Jim Boeheim and Buzz Williams: Two coaches that couldn’t be more different

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WASHINGTON, D.C. — On the surface, it would seem like Marquette and Syracuse are similar programs.

Both are members of the Big East this year and both will be leaving the Big East after this year. (Technically, Marquette is leaving the Big East to join the new Big East, but you get my point.) They’ve played once already this season and both have made plenty of appearances on ESPN and CBS during the year. Their head coaches are quirky, lovable characters adored by their fanbase. Most importantly, both programs are very good and nationally relevant; there’s a reason that they’re squaring off in the Elite 8 on Saturday afternoon.

But when you take a closer look at how these two teams have gotten to this point, you’ll realize that the No. 3 seed Golden Eagles and No. 4 seed Orange don’t really have all that much in common.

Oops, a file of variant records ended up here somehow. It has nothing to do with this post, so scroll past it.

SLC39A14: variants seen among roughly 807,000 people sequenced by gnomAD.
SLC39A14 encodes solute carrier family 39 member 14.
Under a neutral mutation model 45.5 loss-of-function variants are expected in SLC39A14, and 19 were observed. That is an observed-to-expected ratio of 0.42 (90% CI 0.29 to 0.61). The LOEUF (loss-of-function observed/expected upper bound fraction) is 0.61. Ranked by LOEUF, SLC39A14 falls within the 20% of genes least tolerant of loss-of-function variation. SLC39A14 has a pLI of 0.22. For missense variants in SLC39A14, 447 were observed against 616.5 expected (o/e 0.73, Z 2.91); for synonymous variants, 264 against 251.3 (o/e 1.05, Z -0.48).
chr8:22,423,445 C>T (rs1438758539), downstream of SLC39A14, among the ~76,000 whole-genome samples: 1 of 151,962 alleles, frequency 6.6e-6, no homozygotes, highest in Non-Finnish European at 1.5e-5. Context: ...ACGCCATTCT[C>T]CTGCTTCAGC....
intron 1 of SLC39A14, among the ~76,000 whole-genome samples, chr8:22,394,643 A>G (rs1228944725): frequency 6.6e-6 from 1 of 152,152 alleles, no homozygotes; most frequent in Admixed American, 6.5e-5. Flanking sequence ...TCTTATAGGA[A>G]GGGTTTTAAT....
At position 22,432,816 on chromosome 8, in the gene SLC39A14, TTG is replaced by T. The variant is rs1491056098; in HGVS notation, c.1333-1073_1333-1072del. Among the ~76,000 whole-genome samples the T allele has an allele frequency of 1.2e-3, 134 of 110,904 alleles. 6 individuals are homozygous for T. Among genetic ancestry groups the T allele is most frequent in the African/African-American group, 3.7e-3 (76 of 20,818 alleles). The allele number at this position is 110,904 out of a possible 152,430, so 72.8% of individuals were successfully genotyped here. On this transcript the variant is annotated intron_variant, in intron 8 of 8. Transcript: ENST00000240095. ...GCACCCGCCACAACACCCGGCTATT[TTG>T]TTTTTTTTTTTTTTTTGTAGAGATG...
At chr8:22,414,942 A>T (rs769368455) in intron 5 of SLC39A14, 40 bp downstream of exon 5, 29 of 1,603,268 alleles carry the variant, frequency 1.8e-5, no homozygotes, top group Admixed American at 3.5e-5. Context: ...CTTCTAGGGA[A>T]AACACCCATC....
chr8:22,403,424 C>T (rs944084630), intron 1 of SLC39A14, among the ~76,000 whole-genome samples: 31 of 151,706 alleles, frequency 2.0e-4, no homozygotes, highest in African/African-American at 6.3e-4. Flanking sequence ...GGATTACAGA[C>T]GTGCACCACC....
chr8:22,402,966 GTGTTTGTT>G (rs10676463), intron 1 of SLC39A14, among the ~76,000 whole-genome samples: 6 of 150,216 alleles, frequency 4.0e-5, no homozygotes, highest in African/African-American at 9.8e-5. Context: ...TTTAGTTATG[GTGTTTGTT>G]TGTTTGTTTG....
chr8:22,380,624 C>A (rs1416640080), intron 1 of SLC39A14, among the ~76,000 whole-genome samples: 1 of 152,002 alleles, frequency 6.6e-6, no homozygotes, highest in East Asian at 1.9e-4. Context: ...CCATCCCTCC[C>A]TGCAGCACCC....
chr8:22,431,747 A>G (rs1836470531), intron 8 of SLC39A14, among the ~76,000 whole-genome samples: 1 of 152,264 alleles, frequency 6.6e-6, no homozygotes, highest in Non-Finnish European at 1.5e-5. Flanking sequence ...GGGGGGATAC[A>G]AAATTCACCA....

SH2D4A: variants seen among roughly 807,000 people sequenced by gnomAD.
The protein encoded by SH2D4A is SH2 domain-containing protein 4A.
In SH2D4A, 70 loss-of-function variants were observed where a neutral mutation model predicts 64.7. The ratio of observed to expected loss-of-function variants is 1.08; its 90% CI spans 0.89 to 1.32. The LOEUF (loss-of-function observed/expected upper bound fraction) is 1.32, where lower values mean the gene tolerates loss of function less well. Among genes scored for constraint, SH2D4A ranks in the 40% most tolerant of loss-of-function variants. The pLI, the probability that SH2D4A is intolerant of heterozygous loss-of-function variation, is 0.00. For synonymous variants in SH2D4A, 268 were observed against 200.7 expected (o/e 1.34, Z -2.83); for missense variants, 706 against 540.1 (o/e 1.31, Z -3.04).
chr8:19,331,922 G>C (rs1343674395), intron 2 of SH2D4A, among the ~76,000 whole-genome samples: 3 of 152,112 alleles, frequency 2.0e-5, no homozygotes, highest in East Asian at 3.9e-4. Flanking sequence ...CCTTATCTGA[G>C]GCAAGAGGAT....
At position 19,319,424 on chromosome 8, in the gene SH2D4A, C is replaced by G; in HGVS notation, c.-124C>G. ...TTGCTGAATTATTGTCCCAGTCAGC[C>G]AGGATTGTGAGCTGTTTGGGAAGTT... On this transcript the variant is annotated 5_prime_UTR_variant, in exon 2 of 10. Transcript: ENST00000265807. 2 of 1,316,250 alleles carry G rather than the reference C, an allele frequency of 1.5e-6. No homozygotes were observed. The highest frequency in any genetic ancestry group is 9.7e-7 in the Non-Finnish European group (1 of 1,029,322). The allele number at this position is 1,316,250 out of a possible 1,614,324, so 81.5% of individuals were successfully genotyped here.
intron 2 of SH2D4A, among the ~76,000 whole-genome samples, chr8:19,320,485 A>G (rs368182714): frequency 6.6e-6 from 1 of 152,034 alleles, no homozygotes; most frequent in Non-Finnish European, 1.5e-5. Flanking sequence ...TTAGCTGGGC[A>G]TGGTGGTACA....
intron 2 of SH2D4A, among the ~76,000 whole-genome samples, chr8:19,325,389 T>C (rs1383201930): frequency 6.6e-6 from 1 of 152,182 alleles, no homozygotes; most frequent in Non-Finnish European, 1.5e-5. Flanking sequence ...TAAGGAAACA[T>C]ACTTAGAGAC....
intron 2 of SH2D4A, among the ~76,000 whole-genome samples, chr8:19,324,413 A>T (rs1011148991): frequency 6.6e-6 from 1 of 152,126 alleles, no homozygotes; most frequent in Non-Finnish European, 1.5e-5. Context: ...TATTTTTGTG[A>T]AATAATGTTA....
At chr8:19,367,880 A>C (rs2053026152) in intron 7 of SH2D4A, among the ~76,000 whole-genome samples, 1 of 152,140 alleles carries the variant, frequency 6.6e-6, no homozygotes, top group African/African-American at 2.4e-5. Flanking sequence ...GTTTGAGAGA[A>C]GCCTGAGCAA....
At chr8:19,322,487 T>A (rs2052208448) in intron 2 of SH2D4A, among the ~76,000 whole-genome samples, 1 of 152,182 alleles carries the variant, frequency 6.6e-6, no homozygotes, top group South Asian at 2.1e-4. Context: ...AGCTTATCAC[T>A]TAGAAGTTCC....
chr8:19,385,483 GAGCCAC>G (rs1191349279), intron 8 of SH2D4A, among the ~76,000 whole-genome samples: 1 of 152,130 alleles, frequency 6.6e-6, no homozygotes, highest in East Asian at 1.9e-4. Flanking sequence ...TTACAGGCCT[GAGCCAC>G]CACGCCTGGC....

It starts with their game preparation. There may not be a coach in the country that puts more effort and more time into his scouting reports for an opponent than Williams. He’s thorough. He’s tireless. He embraces the x’s-and-o’s and calls out an opponent’s plays from the sidelines while understanding advanced analytics as well as anyone. This is what their locker room looked like prior to their Sweet 16 matchup with Miami:

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When he came to the press conference on Friday afternoon, he had already watch film of Syracuse’s last six games.

“How we handle scouting is probably unique to some organizations, but our kids know what to expect when it comes to scouting,” Williams said. “My staff has been incredible. This year and in years past, for that matter, in scouting. I’m over the top on the analytics involved as a team, as an individual.”

Compare that to Boeheim.

“I’m not a big proponent of scouting, film work,” he said. “I probably watch less film than anybody in the country. We know what we need to do. Everybody in this business knows what they need to do. It’s a question of if you can execute it in the game.”